Rising raw material costs for steel have pushed prices higher and with a lack of liquidity in the financial system projects in Asia are being put on hold, industry leaders told a conference.
Infrastructure projects, in which steel is one of the main items, are being delayed. Steel expansion or new steel schemes are expected to be cut back in other parts of the world.
"Vietnam has been affected, but also India, there are projects that are being put on hold now," said M. Shaad, commercial manager at metals trading firm Global Allianz UK Ltd.
Speaking on the sidelines of this week's Bureau of International Recycling Conference (BIR), Shaad said that trading partners in his main market India suffered from a tightening of credit for purchases of metals and scrap metals.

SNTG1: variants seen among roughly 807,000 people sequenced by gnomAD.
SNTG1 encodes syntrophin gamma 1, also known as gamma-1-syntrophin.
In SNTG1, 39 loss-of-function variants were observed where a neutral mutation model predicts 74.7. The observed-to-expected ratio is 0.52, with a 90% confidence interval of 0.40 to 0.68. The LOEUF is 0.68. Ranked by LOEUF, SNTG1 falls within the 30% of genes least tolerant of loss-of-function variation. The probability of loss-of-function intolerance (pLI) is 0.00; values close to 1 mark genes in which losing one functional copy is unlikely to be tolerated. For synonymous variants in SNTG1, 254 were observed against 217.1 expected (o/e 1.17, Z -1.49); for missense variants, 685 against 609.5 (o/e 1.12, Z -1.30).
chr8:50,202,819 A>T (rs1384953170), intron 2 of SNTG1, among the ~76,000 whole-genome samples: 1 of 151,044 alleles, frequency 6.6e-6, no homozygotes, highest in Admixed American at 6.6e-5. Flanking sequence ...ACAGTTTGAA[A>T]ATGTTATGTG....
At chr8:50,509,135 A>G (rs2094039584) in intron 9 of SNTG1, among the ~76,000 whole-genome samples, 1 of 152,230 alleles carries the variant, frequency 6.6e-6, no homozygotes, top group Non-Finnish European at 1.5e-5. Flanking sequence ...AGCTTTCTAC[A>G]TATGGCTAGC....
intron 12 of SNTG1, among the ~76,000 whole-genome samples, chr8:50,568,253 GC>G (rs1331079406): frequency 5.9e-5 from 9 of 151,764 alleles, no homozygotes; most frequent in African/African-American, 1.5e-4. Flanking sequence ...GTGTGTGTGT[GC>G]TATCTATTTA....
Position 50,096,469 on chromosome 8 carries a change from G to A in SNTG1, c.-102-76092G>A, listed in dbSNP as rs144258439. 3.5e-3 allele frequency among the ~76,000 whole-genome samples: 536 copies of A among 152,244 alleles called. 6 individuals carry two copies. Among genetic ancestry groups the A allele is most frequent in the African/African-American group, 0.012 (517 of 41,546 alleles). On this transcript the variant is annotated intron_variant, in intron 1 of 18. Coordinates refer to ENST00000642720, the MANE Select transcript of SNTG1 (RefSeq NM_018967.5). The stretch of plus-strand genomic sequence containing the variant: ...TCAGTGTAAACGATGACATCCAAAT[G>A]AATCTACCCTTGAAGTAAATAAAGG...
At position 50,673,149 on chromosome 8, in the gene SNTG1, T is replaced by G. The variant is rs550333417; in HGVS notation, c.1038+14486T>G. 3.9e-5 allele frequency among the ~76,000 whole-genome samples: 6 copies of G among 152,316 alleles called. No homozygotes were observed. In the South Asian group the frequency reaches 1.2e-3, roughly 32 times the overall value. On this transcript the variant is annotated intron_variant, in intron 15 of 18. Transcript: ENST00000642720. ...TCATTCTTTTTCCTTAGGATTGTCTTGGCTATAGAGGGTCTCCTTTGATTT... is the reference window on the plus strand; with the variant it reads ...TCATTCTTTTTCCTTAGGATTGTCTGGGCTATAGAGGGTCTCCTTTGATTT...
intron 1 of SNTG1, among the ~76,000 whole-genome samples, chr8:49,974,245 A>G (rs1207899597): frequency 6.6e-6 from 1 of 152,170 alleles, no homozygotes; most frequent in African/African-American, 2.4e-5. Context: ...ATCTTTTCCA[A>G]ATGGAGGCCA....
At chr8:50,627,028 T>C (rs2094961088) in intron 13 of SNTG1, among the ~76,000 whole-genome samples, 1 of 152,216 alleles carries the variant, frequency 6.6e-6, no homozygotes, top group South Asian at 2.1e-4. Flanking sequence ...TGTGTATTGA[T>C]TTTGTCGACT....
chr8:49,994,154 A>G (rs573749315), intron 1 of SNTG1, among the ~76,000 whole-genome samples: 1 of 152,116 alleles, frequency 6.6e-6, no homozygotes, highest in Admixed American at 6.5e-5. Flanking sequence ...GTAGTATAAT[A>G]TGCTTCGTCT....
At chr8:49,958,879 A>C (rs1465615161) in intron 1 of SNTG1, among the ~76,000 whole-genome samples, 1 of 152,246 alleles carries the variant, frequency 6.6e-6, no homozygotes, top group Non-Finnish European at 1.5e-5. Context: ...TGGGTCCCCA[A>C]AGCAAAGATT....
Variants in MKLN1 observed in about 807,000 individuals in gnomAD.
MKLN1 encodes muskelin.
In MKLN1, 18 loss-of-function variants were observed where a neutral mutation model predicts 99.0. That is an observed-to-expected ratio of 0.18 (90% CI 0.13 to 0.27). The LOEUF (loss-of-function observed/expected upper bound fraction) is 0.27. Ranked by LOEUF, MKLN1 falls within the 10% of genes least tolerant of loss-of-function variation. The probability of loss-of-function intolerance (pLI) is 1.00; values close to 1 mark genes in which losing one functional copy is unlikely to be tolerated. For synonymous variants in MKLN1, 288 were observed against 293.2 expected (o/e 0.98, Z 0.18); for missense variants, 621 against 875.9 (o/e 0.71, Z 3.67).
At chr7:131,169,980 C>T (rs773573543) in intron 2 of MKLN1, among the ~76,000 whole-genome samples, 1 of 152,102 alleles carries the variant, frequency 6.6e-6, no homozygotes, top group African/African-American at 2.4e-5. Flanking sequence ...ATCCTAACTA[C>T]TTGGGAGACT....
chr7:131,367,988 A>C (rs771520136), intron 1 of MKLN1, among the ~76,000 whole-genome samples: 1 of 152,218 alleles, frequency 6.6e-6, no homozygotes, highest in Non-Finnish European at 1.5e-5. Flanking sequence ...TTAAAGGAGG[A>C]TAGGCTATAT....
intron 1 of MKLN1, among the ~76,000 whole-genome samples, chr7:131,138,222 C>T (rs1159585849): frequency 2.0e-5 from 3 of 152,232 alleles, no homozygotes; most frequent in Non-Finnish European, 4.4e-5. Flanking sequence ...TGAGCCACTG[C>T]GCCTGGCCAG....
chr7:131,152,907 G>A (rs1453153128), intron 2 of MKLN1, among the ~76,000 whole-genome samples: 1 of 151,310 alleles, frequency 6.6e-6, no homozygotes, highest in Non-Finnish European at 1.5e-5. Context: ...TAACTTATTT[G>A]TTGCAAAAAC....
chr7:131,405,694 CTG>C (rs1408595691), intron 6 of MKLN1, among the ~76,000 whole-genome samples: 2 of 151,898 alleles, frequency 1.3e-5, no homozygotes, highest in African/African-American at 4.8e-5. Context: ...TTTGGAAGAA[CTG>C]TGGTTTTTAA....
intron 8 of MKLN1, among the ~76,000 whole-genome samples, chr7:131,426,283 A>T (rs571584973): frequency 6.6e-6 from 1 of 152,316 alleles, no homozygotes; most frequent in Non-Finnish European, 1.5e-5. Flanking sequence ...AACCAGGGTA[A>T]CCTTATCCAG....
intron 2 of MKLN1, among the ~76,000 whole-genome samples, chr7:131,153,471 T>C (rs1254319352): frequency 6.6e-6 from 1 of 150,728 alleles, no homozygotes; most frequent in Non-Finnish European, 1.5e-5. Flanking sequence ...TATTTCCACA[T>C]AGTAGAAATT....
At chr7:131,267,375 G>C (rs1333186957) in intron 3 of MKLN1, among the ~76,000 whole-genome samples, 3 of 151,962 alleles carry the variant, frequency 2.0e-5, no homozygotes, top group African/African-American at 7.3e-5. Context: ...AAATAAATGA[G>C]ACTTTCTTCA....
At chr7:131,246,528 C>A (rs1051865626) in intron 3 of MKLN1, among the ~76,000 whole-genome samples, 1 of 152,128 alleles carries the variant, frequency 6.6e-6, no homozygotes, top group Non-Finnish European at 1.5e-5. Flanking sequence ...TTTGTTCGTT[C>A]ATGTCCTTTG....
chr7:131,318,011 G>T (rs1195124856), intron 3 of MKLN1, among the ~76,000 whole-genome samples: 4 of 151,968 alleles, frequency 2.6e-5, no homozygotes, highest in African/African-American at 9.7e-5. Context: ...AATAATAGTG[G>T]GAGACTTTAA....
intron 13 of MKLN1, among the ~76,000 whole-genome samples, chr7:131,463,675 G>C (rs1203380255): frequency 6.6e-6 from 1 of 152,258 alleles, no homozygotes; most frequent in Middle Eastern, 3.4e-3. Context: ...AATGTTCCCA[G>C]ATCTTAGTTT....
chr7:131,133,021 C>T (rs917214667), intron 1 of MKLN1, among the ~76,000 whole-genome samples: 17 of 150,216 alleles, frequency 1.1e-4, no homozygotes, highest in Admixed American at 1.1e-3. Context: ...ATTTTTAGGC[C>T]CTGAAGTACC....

"In Vietnam it is purely because of the credit crunch," Shaad said, referring to bankers being reluctant to lend money due to a lack of liquidity in the global economic system.
Difficulty in financing steelmaking and scrap processing operations was seen in the United States with lenders reluctant to increase credit lines, Jeremy Sutcliffe, Chief Executive of metals recycler Sims Group, told the conference.
This is going to be an increasing problem, as steel buyers find that existing credit facilities are insufficient to finance their ongoing requirements. With steel costs doubling and banks reluctant to extend further credit facilities, companies are going to find it increasingly difficult to fund the stock they need to keep manufacturing running at optimum levels. This will not only affect Eastern economies, but those of the West too.
Full article at Reuters.